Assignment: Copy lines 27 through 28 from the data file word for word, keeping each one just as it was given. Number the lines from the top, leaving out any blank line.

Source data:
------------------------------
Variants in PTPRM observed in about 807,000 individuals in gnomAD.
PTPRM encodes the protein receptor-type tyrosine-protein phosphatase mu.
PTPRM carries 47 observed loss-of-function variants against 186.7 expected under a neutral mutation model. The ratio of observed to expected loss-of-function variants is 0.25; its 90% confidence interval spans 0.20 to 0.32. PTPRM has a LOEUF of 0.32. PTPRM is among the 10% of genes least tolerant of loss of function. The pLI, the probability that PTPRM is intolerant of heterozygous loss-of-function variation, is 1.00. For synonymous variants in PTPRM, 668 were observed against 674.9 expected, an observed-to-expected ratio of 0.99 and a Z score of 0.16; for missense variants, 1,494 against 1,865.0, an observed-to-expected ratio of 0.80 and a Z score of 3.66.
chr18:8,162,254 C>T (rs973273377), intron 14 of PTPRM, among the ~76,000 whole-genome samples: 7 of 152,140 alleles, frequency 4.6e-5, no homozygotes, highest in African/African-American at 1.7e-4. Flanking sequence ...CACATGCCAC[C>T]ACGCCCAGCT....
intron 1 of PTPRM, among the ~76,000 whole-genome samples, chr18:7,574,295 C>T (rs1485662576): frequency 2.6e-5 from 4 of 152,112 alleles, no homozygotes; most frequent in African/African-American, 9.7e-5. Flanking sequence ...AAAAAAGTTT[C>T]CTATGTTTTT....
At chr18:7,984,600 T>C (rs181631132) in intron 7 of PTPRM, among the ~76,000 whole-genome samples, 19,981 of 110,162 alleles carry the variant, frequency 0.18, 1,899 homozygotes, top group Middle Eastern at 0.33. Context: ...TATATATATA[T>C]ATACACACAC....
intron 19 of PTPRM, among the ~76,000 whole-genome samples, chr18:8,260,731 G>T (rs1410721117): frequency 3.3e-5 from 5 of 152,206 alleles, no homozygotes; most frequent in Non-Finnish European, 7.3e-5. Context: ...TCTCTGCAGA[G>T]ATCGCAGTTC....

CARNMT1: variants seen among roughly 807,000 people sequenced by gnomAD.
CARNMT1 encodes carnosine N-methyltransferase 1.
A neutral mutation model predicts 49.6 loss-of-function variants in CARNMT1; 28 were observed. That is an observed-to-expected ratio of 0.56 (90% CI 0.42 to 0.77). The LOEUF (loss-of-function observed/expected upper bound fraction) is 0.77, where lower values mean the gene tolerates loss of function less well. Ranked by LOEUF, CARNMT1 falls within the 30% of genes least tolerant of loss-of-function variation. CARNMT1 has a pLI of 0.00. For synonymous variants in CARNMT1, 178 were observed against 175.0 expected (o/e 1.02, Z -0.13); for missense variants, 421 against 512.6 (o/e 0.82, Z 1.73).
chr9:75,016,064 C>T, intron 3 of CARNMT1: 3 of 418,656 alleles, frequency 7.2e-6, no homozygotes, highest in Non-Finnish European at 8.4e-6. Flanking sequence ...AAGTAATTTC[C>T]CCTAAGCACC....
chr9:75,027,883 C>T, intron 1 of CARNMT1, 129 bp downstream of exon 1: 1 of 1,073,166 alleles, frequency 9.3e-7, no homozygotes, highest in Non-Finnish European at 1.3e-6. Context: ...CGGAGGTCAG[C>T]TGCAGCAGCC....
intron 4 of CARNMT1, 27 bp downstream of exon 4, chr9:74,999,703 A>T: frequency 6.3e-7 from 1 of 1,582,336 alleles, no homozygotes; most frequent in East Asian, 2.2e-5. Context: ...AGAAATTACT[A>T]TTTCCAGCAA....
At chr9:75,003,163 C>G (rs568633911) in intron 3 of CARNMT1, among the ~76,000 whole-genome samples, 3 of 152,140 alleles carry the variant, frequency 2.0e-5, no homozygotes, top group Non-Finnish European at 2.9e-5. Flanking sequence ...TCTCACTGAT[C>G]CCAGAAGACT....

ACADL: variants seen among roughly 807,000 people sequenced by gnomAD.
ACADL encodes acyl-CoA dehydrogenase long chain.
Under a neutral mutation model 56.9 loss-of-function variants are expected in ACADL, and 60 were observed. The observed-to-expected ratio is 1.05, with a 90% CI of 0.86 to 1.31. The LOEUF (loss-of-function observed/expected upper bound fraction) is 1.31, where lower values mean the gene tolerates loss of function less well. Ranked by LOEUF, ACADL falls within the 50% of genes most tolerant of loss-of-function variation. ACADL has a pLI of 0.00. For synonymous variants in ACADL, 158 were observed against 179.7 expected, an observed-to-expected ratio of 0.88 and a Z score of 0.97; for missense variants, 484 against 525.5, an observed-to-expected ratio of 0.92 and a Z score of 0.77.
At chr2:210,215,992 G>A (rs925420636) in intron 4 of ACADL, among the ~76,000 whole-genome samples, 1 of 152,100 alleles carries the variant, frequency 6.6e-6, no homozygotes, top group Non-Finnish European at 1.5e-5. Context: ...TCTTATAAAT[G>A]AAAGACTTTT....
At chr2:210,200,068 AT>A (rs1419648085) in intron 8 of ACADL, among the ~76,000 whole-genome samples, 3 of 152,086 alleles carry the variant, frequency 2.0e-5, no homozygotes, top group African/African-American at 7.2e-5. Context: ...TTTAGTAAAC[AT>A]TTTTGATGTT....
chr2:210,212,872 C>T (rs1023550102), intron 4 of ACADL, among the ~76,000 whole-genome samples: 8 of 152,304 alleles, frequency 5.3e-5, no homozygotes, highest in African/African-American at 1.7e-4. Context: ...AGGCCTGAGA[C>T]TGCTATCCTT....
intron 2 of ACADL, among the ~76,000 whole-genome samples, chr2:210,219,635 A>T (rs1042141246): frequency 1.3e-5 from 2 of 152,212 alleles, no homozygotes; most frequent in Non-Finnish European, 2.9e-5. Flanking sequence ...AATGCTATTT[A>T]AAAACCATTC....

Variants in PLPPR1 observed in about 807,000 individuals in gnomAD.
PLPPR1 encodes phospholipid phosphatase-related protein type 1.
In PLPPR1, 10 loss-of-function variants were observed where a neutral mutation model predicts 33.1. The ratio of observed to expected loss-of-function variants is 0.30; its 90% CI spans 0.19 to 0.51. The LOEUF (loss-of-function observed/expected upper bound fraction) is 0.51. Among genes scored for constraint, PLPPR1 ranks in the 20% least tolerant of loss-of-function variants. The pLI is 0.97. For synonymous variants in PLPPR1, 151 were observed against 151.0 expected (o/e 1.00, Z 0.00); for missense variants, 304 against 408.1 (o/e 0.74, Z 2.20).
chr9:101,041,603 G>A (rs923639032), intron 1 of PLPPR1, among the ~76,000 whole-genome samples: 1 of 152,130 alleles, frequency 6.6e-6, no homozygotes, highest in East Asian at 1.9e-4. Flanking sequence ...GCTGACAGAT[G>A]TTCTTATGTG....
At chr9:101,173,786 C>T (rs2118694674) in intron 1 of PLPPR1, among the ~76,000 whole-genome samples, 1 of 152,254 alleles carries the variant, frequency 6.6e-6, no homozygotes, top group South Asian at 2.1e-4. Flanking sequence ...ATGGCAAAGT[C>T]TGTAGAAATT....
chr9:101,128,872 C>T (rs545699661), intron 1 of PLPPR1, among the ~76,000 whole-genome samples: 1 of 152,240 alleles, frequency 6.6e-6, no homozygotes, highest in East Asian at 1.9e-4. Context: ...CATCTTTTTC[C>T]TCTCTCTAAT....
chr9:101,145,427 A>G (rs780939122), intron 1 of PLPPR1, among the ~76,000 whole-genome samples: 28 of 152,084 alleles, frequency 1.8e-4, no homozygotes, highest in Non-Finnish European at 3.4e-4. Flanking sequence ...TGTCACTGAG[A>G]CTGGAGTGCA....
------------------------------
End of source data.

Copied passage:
chr9:101,128,872 C>T (rs545699661), intron 1 of PLPPR1, among the ~76,000 whole-genome samples: 1 of 152,240 alleles, frequency 6.6e-6, no homozygotes, highest in East Asian at 1.9e-4. Context: ...CATCTTTTTC[C>T]TCTCTCTAAT....
chr9:101,145,427 A>G (rs780939122), intron 1 of PLPPR1, among the ~76,000 whole-genome samples: 28 of 152,084 alleles, frequency 1.8e-4, no homozygotes, highest in Non-Finnish European at 3.4e-4. Flanking sequence ...TGTCACTGAG[A>G]CTGGAGTGCA....